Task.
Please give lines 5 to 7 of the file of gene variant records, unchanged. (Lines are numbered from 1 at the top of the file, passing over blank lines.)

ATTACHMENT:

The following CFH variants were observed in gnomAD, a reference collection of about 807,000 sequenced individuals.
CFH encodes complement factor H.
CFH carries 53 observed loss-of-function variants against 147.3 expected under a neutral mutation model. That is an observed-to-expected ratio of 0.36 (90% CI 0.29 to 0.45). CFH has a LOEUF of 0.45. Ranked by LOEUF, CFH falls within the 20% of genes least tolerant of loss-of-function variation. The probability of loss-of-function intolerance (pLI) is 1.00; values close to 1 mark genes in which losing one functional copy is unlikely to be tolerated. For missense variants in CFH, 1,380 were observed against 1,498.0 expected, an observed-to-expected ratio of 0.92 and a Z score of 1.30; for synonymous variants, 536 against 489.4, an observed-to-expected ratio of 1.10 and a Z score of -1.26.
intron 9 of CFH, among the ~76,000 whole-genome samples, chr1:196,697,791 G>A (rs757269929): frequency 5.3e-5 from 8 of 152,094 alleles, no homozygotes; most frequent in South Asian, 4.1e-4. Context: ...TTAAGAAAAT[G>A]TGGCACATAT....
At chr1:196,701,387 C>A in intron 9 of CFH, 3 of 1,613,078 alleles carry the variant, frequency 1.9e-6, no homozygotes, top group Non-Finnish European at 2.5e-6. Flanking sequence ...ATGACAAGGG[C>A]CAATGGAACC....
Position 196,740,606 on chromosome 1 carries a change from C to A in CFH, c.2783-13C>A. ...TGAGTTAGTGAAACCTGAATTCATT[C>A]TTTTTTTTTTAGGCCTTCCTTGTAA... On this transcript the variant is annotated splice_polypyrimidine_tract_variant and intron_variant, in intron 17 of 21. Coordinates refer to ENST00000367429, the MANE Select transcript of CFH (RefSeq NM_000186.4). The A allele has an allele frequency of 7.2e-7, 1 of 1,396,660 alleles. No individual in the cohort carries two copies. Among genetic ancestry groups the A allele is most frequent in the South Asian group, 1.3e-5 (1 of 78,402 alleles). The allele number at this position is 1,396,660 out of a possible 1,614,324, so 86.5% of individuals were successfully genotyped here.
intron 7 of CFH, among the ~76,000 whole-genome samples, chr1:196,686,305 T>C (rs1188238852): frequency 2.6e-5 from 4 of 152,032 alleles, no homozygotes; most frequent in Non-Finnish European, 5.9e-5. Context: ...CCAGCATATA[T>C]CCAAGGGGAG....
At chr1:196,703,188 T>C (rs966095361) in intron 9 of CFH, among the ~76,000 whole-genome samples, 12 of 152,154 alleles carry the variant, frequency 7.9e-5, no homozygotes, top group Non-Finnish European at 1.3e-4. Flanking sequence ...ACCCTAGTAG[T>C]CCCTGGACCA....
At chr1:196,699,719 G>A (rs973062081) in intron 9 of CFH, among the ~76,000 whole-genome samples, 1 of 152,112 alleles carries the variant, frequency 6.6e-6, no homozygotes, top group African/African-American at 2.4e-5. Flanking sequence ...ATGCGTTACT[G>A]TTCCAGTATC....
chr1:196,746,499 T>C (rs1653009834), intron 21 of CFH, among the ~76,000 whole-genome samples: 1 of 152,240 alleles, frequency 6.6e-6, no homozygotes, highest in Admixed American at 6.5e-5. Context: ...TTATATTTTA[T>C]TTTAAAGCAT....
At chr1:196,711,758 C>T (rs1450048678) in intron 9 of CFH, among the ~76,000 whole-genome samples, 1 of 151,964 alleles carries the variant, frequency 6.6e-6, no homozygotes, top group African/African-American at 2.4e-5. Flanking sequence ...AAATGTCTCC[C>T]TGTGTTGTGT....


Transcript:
At chr1:196,701,387 C>A in intron 9 of CFH, 3 of 1,613,078 alleles carry the variant, frequency 1.9e-6, no homozygotes, top group Non-Finnish European at 2.5e-6. Flanking sequence ...ATGACAAGGG[C>A]CAATGGAACC....
Position 196,740,606 on chromosome 1 carries a change from C to A in CFH, c.2783-13C>A. ...TGAGTTAGTGAAACCTGAATTCATT[C>A]TTTTTTTTTTAGGCCTTCCTTGTAA... On this transcript the variant is annotated splice_polypyrimidine_tract_variant and intron_variant, in intron 17 of 21. Coordinates refer to ENST00000367429, the MANE Select transcript of CFH (RefSeq NM_000186.4). The A allele has an allele frequency of 7.2e-7, 1 of 1,396,660 alleles. No individual in the cohort carries two copies. Among genetic ancestry groups the A allele is most frequent in the South Asian group, 1.3e-5 (1 of 78,402 alleles). The allele number at this position is 1,396,660 out of a possible 1,614,324, so 86.5% of individuals were successfully genotyped here.
intron 7 of CFH, among the ~76,000 whole-genome samples, chr1:196,686,305 T>C (rs1188238852): frequency 2.6e-5 from 4 of 152,032 alleles, no homozygotes; most frequent in Non-Finnish European, 5.9e-5. Context: ...CCAGCATATA[T>C]CCAAGGGGAG....